Blog: Relive my 4-H days


Full disclosure: I’m a 4-H kid from East Tennessee.

I have fond memories of the program (okay, maybe not the memory of the steer who deliberately stepped on my toe in the show ring…and seemed to enjoy it). And whether I realized it or not at the time, those years in 4-H provided me with some of the skills and backgrounds that I still rely on today. Heck, it was even invaluable to me in my first job out of college as the extension service’s news editor covering 4-H events across the state of Tennessee – as well as my first exposure to the wonders and challenges of the cotton industry.

It seems like a long time ago. But I still remember the 4-H commitment (head, heart, hands, health) and the pride of finishing my own projects and watching all of these bright, determined future leaders in action across the state. Today, as I understand it, many traditional 4-H projects that I remember have been reworked and refocused for wider audiences, both rural and urban. And this is a good thing.

So imagine my surprise when 4-H and I crossed paths again intriguingly at the Mid-South Farm and Gin Show in Memphis.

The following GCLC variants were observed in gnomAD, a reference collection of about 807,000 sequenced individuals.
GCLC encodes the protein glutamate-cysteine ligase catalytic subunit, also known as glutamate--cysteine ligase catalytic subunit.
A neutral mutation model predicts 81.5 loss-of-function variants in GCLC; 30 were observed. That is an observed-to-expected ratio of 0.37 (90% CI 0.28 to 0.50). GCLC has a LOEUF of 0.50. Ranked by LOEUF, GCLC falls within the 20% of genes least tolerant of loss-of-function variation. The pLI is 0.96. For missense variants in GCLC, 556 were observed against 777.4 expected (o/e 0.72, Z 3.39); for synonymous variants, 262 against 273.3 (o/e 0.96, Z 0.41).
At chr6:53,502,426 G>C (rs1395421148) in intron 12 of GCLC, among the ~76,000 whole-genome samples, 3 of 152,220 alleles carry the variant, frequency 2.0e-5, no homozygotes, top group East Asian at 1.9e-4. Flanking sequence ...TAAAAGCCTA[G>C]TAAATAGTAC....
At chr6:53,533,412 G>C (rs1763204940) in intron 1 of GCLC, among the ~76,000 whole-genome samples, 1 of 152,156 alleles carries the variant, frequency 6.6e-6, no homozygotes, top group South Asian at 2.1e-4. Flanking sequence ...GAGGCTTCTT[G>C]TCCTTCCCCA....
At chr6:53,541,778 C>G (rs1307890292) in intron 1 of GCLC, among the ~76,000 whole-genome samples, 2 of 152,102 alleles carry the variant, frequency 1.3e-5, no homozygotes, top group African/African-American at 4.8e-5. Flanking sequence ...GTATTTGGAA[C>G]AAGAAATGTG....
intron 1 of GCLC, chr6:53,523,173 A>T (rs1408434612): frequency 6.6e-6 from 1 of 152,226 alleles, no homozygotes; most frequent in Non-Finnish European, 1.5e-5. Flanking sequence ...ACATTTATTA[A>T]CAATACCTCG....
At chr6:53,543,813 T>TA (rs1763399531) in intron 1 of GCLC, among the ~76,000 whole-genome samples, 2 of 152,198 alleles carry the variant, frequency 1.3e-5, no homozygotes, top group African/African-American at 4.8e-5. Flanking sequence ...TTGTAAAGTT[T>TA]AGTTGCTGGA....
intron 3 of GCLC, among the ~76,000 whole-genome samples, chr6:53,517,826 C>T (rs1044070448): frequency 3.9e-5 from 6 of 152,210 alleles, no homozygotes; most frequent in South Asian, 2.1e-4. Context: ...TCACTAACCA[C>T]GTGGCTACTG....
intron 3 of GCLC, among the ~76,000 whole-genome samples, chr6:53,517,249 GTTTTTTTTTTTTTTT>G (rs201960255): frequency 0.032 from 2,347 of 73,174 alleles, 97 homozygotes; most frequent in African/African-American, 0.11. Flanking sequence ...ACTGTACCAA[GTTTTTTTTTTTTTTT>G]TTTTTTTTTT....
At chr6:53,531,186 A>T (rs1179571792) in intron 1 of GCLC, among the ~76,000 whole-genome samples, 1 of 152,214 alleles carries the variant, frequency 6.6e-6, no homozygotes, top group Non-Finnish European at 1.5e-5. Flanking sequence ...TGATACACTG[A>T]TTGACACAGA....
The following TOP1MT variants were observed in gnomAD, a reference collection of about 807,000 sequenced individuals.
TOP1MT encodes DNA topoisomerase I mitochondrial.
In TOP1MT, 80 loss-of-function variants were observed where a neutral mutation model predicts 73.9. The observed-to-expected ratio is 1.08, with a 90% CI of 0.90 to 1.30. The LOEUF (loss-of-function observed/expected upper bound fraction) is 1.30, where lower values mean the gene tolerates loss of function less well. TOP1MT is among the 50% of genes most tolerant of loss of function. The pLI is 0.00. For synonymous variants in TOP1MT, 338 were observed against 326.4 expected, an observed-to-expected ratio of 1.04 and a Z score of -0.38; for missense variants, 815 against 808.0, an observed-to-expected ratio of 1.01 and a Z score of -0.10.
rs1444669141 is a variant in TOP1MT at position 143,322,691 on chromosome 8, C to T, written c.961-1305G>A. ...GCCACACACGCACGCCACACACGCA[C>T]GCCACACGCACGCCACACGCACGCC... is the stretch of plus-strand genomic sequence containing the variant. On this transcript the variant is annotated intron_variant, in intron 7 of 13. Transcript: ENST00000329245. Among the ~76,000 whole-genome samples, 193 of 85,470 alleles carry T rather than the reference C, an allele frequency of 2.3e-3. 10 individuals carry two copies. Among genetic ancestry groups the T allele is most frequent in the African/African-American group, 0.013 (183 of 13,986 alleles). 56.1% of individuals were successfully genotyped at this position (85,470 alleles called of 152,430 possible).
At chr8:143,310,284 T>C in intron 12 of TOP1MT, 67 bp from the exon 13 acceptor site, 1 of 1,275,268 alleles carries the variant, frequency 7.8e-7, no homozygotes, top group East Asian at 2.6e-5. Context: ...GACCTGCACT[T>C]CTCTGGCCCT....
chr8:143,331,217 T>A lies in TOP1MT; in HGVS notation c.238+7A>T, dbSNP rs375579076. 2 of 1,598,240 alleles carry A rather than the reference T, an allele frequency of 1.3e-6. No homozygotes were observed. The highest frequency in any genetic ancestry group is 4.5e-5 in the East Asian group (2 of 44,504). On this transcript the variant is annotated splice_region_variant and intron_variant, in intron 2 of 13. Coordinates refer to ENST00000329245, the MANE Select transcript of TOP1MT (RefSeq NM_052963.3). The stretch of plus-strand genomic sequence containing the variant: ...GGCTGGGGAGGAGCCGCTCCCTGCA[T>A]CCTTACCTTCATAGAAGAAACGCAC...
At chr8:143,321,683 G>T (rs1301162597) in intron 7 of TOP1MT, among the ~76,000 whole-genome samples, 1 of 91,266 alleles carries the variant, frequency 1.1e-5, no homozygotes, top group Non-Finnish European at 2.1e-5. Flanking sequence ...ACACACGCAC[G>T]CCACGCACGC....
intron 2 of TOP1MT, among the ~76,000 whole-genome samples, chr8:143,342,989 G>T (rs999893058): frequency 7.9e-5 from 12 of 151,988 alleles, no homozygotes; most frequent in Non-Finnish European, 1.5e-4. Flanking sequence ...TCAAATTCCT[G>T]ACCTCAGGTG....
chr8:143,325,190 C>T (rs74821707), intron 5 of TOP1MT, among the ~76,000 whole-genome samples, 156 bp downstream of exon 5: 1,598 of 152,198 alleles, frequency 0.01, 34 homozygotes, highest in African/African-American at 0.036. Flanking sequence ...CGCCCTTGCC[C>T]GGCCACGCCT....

Eight teams – four from Arkansas and four from Tennessee – participated in what is called the 4-H Chopped competition. The concept started in Texas and was a huge hit across that state. The best way I can describe it is a combination of the popular Food Network Chopped program (without the elimination) and what I remember as the 4-H Food Demonstration program.

Photo: Jim Steadman

It was fascinating.

Each team had to create a simple, nutritious meal from ingredients provided in a sealed bag, using a griddle or electric skillet. No pressure. All you need to do is plan, prep, and trim in 40 minutes in a room full of other competitors, families, 4-H leaders and specialists, and cameras. And oh yes, the judges – a local food writer, a chef/owner of a popular Memphis restaurant, and the manager of the Mid-South Food Bank (who received each team’s recipe to use as examples of easy nutritious meals that their customers could create using readily available food products).

Yes, there was a winning team. But the reality is that there were no losers. And isn’t that the perfect example of how I remember 4-H? Each team had to use their heads and hands to create a meal that promotes good health. But above all, they all showed a lot of heart In the process.

Something to make an old 4-Her proud. Again.


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